Lysol Can Be Toxic to Cats: 7 Safety Tips

  • Authors:

  • Lysol products which contain benzalkonium chloride are toxic to cats. Exposure causes corrosion and irritation to the skin and mucosa.

    Poisoning typically occurs when the cat comes into contact with recently disinfected surfaces, the cat ingests the product during grooming or if they lick a surface with disinfectant residue. Exposure to concentrated or incorrectly diluted solutions can induce a more severe clinical response.

    If you are concerned about using Lysol in your home because of your cat, we would like to invite you to view our list of disinfectants that are safe for cats and cat-friendly cleaning products.

    What is Lysol?

    Lysol is a popular disinfectant (chemical agents designed to inactivate or destroy microorganisms on inert surfaces). Lysol can be poisonous to cats as some of its products may contain phenol, cresol, or ethanol. The active ingredient in many Lysol products is also benzalkonium chloride (BAC), a wide-spectrum cationic detergent and a quaternary ammonium compound (QAC). Benzalkonium is present in many household products including cleaners, mold removers and disinfectants.

    Toxicity class – how dangerous is it for my cat?

    Lysol comes in many different forms, so the toxicity depends on which product is being used and how it was consumed. Swallowing the liquid form would obviously be much more dangerous than rubbing against a wipe.

    Phenol does not evaporate as quickly as water does, and it can remain in water and air for extended periods of time. Cats are unable to metabolize phenol.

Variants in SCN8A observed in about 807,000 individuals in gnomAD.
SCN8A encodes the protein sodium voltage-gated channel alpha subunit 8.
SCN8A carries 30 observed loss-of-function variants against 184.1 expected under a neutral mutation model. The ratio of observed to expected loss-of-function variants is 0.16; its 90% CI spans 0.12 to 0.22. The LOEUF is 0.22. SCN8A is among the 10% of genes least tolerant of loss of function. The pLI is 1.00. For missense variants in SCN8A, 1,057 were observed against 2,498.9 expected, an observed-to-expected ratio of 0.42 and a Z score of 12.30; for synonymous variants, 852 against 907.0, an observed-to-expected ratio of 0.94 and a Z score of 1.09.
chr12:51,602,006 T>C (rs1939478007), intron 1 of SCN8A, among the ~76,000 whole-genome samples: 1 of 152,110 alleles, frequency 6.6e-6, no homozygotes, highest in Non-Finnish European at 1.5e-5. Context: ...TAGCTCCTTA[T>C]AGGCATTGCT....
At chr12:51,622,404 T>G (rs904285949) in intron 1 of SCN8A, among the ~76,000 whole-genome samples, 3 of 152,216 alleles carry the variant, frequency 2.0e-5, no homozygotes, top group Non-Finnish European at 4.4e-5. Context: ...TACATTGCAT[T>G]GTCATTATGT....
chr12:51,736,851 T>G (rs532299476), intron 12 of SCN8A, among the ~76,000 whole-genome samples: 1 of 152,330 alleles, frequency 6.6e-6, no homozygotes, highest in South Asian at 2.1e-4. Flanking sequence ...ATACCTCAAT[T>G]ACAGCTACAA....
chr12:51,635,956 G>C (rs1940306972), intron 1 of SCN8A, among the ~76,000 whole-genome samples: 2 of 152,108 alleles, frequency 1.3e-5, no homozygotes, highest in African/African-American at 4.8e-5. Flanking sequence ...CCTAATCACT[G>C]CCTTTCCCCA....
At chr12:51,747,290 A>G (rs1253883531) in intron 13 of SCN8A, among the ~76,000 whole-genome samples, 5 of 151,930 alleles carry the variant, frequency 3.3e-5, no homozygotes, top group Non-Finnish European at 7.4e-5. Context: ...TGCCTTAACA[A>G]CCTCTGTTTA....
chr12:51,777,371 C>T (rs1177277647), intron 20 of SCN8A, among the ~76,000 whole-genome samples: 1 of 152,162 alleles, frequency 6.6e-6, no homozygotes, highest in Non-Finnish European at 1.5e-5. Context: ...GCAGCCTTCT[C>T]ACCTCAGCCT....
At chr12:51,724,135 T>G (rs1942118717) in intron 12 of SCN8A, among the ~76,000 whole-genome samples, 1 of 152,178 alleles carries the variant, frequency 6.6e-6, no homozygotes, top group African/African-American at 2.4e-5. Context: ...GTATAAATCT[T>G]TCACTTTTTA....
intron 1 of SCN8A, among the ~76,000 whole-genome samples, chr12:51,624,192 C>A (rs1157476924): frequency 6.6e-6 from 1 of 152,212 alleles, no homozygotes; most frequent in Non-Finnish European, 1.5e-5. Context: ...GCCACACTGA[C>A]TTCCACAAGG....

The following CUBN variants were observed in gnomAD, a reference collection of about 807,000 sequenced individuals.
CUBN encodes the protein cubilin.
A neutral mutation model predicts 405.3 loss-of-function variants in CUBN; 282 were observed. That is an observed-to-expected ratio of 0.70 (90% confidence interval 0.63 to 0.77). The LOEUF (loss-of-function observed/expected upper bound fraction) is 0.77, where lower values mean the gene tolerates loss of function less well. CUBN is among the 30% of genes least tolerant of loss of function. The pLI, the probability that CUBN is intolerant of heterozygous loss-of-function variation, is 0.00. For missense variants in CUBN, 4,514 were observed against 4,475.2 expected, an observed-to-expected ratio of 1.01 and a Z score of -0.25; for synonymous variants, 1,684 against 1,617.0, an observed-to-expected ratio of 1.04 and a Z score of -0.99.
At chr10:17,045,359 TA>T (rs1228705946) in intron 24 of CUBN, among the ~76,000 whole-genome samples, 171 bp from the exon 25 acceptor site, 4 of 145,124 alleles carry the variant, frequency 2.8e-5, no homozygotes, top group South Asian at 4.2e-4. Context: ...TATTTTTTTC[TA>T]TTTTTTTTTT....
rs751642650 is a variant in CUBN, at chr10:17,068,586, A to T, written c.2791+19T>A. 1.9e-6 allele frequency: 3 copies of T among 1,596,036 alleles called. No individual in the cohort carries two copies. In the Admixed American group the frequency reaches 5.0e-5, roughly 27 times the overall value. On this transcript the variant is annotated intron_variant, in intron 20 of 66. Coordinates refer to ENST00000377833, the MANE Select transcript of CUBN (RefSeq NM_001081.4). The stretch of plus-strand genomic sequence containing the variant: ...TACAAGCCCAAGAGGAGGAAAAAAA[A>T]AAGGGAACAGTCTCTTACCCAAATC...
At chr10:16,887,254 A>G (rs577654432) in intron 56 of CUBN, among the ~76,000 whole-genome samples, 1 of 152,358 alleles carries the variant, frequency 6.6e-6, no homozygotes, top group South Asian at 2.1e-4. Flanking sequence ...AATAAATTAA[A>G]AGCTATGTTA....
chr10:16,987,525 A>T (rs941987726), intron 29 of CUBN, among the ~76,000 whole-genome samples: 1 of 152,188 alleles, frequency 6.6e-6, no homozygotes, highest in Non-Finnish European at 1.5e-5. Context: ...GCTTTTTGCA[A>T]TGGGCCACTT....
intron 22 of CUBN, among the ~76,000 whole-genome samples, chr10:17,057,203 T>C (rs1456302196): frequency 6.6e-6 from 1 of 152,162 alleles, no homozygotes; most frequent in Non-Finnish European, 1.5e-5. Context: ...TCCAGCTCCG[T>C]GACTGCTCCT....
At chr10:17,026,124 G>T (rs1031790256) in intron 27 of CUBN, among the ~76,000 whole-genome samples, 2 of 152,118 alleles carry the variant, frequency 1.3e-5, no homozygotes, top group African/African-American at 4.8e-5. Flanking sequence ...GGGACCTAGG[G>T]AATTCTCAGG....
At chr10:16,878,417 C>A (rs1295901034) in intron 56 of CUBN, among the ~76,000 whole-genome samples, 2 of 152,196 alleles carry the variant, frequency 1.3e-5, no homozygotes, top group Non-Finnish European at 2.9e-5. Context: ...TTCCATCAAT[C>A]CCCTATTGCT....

If benzalkonium chloride ends up on your cat’s feet or fur, it could be ingested while your cat is grooming itself. A high enough concentration could damage your cat’s tongue and mouth. If a cat walks on a surface that has been recently treated with Lysol, there is a possibility their paws could be exposed, since phenol does not evaporate as quickly as water does. If a cat should then lick their paws, the phenol could be ingested.

    Symptoms 

    Clinical signs may take hours or days to appear after exposure. One study of 245 cats exposed to benzalkonium chloride found 4.9% of cats showed no effects. Symptomatic cat displayed the following clinical signs:

    It is more likely, however, that a cat would exhibit symptoms similar to an allergic reaction after inhaling particles remaining in the air from a spray, or picking up residue from a recently treated surface. Symptoms of an allergic reaction could include:

    • Eyes watering
    • Sneezing
    • Throat irritation
    • Skin redness or bumps
    • Excessive scratching
    • Pulling out fur

    If your cat is showing any signs of poisoning (Lysol or otherwise) you need to see the vet right away. Your vet will examine your cat and may run bloodwork to check your cat’s internal organs. It’s important that you relate any and all information that you have about your cat and the ingested material. If you’re not sure about the product, bring it with you.

    If your cat ingests Lysol, your first instinct should be to call your vet with all the facts that you have. Your vet may ask you to bring the cat in. Any type of poisoning should be treated as soon as possible to avoid severe complications.